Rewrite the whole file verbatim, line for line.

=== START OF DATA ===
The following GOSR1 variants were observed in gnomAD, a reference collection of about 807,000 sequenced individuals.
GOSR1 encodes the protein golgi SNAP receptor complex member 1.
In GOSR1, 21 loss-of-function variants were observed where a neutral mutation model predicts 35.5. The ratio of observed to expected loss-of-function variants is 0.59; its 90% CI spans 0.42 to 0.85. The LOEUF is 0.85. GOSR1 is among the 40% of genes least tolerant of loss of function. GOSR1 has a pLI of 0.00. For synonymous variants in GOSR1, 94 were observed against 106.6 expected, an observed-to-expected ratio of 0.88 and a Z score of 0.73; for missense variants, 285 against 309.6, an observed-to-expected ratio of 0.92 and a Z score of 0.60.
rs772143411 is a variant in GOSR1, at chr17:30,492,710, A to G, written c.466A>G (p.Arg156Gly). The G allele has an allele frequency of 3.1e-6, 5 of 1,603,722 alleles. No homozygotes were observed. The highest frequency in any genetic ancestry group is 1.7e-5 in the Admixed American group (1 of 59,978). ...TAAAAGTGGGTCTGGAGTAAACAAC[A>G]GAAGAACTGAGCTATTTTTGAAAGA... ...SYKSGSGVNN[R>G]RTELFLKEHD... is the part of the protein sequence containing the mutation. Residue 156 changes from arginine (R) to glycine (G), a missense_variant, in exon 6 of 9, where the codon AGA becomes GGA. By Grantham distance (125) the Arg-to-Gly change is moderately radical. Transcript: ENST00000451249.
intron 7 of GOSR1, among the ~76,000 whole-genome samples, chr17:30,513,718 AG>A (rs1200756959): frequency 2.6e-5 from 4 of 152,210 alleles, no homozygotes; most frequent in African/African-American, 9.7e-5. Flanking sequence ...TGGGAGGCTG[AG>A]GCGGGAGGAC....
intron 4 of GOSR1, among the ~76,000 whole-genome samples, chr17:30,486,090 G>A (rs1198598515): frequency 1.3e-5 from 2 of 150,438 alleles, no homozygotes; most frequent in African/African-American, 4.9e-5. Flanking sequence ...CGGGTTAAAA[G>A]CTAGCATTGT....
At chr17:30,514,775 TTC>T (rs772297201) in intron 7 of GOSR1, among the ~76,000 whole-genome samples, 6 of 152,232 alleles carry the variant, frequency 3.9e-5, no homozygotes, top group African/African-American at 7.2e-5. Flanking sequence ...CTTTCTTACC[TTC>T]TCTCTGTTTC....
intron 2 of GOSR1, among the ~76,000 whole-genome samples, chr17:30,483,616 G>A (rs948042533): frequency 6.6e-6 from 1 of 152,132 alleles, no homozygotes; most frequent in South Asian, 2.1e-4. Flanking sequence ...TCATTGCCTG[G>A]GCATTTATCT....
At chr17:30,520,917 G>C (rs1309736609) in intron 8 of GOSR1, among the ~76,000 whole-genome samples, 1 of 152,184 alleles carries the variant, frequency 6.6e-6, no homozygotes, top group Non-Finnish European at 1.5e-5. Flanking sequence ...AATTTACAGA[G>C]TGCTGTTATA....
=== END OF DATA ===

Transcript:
The following GOSR1 variants were observed in gnomAD, a reference collection of about 807,000 sequenced individuals.
GOSR1 encodes the protein golgi SNAP receptor complex member 1.
In GOSR1, 21 loss-of-function variants were observed where a neutral mutation model predicts 35.5. The ratio of observed to expected loss-of-function variants is 0.59; its 90% CI spans 0.42 to 0.85. The LOEUF is 0.85. GOSR1 is among the 40% of genes least tolerant of loss of function. GOSR1 has a pLI of 0.00. For synonymous variants in GOSR1, 94 were observed against 106.6 expected, an observed-to-expected ratio of 0.88 and a Z score of 0.73; for missense variants, 285 against 309.6, an observed-to-expected ratio of 0.92 and a Z score of 0.60.
rs772143411 is a variant in GOSR1, at chr17:30,492,710, A to G, written c.466A>G (p.Arg156Gly). The G allele has an allele frequency of 3.1e-6, 5 of 1,603,722 alleles. No homozygotes were observed. The highest frequency in any genetic ancestry group is 1.7e-5 in the Admixed American group (1 of 59,978). ...TAAAAGTGGGTCTGGAGTAAACAAC[A>G]GAAGAACTGAGCTATTTTTGAAAGA... ...SYKSGSGVNN[R>G]RTELFLKEHD... is the part of the protein sequence containing the mutation. Residue 156 changes from arginine (R) to glycine (G), a missense_variant, in exon 6 of 9, where the codon AGA becomes GGA. By Grantham distance (125) the Arg-to-Gly change is moderately radical. Transcript: ENST00000451249.
intron 7 of GOSR1, among the ~76,000 whole-genome samples, chr17:30,513,718 AG>A (rs1200756959): frequency 2.6e-5 from 4 of 152,210 alleles, no homozygotes; most frequent in African/African-American, 9.7e-5. Flanking sequence ...TGGGAGGCTG[AG>A]GCGGGAGGAC....
intron 4 of GOSR1, among the ~76,000 whole-genome samples, chr17:30,486,090 G>A (rs1198598515): frequency 1.3e-5 from 2 of 150,438 alleles, no homozygotes; most frequent in African/African-American, 4.9e-5. Flanking sequence ...CGGGTTAAAA[G>A]CTAGCATTGT....
At chr17:30,514,775 TTC>T (rs772297201) in intron 7 of GOSR1, among the ~76,000 whole-genome samples, 6 of 152,232 alleles carry the variant, frequency 3.9e-5, no homozygotes, top group African/African-American at 7.2e-5. Flanking sequence ...CTTTCTTACC[TTC>T]TCTCTGTTTC....
intron 2 of GOSR1, among the ~76,000 whole-genome samples, chr17:30,483,616 G>A (rs948042533): frequency 6.6e-6 from 1 of 152,132 alleles, no homozygotes; most frequent in South Asian, 2.1e-4. Flanking sequence ...TCATTGCCTG[G>A]GCATTTATCT....
At chr17:30,520,917 G>C (rs1309736609) in intron 8 of GOSR1, among the ~76,000 whole-genome samples, 1 of 152,184 alleles carries the variant, frequency 6.6e-6, no homozygotes, top group Non-Finnish European at 1.5e-5. Flanking sequence ...AATTTACAGA[G>C]TGCTGTTATA....